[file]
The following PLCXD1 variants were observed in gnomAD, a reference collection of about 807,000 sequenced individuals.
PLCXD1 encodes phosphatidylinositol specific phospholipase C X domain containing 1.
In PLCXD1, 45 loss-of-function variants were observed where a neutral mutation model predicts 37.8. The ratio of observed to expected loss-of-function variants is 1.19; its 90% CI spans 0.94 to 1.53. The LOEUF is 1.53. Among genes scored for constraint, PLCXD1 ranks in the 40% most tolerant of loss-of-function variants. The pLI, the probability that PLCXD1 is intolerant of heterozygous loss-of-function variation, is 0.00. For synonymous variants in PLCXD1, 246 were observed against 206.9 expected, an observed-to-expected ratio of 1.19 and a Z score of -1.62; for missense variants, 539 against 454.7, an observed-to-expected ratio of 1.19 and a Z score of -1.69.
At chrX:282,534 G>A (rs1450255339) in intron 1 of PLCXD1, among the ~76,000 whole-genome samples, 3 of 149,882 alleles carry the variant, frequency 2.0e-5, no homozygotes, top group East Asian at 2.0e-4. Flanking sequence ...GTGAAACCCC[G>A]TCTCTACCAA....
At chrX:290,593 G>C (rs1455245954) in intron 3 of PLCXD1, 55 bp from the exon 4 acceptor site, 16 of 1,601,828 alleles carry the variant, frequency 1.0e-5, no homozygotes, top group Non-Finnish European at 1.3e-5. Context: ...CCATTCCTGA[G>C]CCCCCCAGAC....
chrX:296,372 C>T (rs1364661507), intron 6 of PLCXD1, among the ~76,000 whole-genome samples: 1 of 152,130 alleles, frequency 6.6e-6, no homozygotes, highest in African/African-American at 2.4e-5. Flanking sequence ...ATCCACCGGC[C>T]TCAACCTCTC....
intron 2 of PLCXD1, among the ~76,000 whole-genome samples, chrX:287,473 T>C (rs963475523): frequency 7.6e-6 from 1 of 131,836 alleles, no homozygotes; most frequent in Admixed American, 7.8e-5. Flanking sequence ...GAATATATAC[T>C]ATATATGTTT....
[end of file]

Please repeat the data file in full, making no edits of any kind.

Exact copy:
The following PLCXD1 variants were observed in gnomAD, a reference collection of about 807,000 sequenced individuals.
PLCXD1 encodes phosphatidylinositol specific phospholipase C X domain containing 1.
In PLCXD1, 45 loss-of-function variants were observed where a neutral mutation model predicts 37.8. The ratio of observed to expected loss-of-function variants is 1.19; its 90% CI spans 0.94 to 1.53. The LOEUF is 1.53. Among genes scored for constraint, PLCXD1 ranks in the 40% most tolerant of loss-of-function variants. The pLI, the probability that PLCXD1 is intolerant of heterozygous loss-of-function variation, is 0.00. For synonymous variants in PLCXD1, 246 were observed against 206.9 expected, an observed-to-expected ratio of 1.19 and a Z score of -1.62; for missense variants, 539 against 454.7, an observed-to-expected ratio of 1.19 and a Z score of -1.69.
At chrX:282,534 G>A (rs1450255339) in intron 1 of PLCXD1, among the ~76,000 whole-genome samples, 3 of 149,882 alleles carry the variant, frequency 2.0e-5, no homozygotes, top group East Asian at 2.0e-4. Flanking sequence ...GTGAAACCCC[G>A]TCTCTACCAA....
At chrX:290,593 G>C (rs1455245954) in intron 3 of PLCXD1, 55 bp from the exon 4 acceptor site, 16 of 1,601,828 alleles carry the variant, frequency 1.0e-5, no homozygotes, top group Non-Finnish European at 1.3e-5. Context: ...CCATTCCTGA[G>C]CCCCCCAGAC....
chrX:296,372 C>T (rs1364661507), intron 6 of PLCXD1, among the ~76,000 whole-genome samples: 1 of 152,130 alleles, frequency 6.6e-6, no homozygotes, highest in African/African-American at 2.4e-5. Flanking sequence ...ATCCACCGGC[C>T]TCAACCTCTC....
intron 2 of PLCXD1, among the ~76,000 whole-genome samples, chrX:287,473 T>C (rs963475523): frequency 7.6e-6 from 1 of 131,836 alleles, no homozygotes; most frequent in Admixed American, 7.8e-5. Flanking sequence ...GAATATATAC[T>C]ATATATGTTT....